While the Ford Mustang Mach-E comes in at 0.33-0.37kWh/mi, making it comparable to Tesla’s flagship Model S (0.28-0.38, depending on how many motors and what year), this still makes the Mach-E around 50% more expensive to operate than a Hyundai Ioniq or a Tesla Model 3. Some of these issues will be resolved over time as batteries become more advanced. It’s likely that we will see well-developed charging networks along places like interstate highways as a tool to try and reduce reliance on gigantic battery packs, which account for an astounding portion of the weight of an electric car.

The company I work for, whose name starts with a ‘P’ and ends with ‘epco’ and is the public utility in the District of Columbia, bought a brand new Ford Mustang Mach-E. The company is seeking to advance the deployment of electric vehicles across its service territory, as most utilities are nowadays. It’s an interesting paradigm shift given the increasing emphasis on efficiency, which lowers utilities’ revenue bases– while electric vehicles increase them. She’s a fine vessel, certainly. But will she stop the climate crisis? Unlikely, at that hefty weight– at least according to a new take by a few researchers who are looking at the high externalities of electric cars.

Tax By Weight, Not By Fuel Type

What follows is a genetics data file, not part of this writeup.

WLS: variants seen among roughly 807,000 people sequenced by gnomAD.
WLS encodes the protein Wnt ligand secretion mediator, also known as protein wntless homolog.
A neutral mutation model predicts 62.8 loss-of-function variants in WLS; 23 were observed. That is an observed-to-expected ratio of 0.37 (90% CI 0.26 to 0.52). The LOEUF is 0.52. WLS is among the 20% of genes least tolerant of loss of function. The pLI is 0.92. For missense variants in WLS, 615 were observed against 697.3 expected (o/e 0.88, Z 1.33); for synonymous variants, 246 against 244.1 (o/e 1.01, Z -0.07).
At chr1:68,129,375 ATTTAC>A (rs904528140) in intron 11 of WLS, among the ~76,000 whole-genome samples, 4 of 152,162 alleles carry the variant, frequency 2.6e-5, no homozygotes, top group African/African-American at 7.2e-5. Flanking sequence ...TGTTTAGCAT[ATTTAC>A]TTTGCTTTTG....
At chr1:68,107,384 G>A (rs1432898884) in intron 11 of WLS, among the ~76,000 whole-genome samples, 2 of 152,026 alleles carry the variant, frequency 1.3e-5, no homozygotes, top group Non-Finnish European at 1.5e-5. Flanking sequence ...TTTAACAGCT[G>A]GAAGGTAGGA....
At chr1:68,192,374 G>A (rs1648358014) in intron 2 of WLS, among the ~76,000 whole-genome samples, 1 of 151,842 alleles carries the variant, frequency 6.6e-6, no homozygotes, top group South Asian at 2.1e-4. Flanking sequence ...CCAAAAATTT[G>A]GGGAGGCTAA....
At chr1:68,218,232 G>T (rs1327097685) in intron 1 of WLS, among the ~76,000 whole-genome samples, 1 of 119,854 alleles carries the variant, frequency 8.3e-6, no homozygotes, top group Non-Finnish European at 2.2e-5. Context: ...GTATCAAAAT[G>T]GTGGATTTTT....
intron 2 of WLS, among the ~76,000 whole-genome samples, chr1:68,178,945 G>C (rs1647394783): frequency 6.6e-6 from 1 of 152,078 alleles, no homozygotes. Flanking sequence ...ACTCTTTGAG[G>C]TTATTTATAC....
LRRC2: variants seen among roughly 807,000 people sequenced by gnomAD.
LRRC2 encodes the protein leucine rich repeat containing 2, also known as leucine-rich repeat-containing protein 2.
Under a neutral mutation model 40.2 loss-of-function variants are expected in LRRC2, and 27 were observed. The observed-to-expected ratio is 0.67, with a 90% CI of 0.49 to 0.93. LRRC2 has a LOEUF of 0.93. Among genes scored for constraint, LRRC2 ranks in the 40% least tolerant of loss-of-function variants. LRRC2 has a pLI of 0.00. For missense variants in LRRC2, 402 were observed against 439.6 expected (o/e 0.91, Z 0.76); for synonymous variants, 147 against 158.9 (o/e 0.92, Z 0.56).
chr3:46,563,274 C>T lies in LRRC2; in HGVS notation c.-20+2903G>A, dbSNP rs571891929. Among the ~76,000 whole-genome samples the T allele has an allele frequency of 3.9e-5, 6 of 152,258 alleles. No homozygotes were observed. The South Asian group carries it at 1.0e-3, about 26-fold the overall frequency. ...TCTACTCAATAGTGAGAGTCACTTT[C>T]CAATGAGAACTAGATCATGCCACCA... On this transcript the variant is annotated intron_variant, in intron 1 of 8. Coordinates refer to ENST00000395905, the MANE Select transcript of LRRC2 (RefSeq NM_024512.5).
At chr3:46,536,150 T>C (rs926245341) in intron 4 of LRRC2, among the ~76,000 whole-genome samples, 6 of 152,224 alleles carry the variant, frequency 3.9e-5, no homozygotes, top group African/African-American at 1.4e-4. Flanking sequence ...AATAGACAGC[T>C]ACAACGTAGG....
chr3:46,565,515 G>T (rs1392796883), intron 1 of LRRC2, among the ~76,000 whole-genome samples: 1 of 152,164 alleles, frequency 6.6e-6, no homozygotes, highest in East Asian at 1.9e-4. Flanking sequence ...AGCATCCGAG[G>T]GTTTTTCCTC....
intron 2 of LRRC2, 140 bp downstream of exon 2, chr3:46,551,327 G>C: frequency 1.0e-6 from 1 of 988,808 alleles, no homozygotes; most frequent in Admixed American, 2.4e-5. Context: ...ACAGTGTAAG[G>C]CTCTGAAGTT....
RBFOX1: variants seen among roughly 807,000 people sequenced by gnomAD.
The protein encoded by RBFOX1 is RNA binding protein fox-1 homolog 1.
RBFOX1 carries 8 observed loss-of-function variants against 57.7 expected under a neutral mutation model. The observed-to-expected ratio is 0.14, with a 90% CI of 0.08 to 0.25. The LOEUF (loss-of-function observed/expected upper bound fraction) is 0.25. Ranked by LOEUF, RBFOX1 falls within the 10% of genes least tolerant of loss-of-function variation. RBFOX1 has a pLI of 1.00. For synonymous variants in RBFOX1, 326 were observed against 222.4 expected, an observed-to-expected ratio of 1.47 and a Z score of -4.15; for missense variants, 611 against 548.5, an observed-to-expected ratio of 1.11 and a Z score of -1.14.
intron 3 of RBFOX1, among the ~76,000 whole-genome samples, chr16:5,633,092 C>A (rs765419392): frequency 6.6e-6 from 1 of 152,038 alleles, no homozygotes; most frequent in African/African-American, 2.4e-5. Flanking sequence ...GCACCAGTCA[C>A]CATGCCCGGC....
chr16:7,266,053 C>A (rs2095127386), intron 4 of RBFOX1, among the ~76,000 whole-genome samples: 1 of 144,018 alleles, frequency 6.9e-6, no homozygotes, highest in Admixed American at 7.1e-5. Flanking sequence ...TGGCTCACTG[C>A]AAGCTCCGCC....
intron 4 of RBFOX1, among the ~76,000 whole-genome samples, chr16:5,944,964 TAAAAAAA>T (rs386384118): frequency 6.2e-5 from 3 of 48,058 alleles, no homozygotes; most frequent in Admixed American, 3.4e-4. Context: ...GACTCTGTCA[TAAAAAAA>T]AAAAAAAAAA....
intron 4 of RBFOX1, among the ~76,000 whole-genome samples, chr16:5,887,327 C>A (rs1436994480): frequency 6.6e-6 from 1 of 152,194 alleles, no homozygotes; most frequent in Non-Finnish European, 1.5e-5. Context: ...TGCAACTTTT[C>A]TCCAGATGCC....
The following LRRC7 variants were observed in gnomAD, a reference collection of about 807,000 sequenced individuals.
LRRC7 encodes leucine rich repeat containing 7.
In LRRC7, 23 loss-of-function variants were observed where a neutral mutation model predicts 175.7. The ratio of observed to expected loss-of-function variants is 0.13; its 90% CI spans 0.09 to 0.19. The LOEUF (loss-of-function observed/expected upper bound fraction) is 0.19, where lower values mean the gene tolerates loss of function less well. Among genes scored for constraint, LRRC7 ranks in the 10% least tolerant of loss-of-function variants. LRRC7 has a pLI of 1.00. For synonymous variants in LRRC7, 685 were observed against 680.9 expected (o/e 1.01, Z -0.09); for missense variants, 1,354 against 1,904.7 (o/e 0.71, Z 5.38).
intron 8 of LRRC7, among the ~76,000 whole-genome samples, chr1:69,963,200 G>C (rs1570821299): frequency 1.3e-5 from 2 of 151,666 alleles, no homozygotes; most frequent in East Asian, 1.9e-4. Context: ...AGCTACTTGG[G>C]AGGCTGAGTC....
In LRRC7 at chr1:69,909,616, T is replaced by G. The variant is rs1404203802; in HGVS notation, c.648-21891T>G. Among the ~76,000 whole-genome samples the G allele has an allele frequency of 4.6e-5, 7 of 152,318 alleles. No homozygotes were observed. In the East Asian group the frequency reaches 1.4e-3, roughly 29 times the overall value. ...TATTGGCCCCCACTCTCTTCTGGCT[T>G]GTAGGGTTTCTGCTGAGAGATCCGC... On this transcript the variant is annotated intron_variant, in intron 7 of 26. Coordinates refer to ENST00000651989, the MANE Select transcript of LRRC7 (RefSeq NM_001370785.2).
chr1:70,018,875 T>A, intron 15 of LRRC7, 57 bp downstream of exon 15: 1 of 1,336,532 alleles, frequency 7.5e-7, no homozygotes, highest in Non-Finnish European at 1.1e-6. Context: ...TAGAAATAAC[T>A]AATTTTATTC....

For the authors, a shift in tax policy seems to be a good place to start. They say that we need to start taxing vehicles not by whether they’re electric or gas powered, but by weight. As cars get heavier and larger, automakers have avoided some of the environmental policy issues by classifying certain vehicles as light trucks instead of cars. It’s frankly a stupid distinction. Classifying cars based on their weight and taxing them accordingly addresses this important externality, and also means that Those Liberal Elites buying $50,000 Teslas will pay a comparable amount to people buying that icon of working class virtue, the $50,000 Dodge Ram (ICE-powered).

And the final point? Americans, the authors say, need to just drive less:

“…do we really need to drive 6,500 lbs. for three miles for one person to pick up a gallon of milk? The answer is a clear no. Removing the implicit subsidies that cars enjoy (free parking, a road system, and urban design centered around a car economy) has to be a long-run goal.”

This last one is, of course, not a popular– remember how offended MDOT got when our transportation policy workgroup tried to propose VMT reduction as a vital policy target? But we really can’t decarbonize our transportation sector by building more SUVs. It’s the sprawl-conomy, stupid! Check out the article here, and read more about the past, present, and future of mobility and infrastructure.

Happy election day, people. Go vote.

Nat M. Zorach

Nat M. Zorach, AICP, MBA, is a city planner and energy professional based in Detroit, where he writes about infrastructure, sustainability, tech, and more. A native of Lancaster, Pennsylvania, he attended Grinnell College in Iowa, the Kogod School of Business at American University, the POCACITO transatlantic program, the SISE program at the University of Illinois Chicago, and he is also a StartingBloc Social Innovation Fellow. He enjoys long walks through historic, disinvested Rust Belt neighborhoods at sunset. (Nat's views and opinions are his own and do not represent those of his employer).

Leave a Reply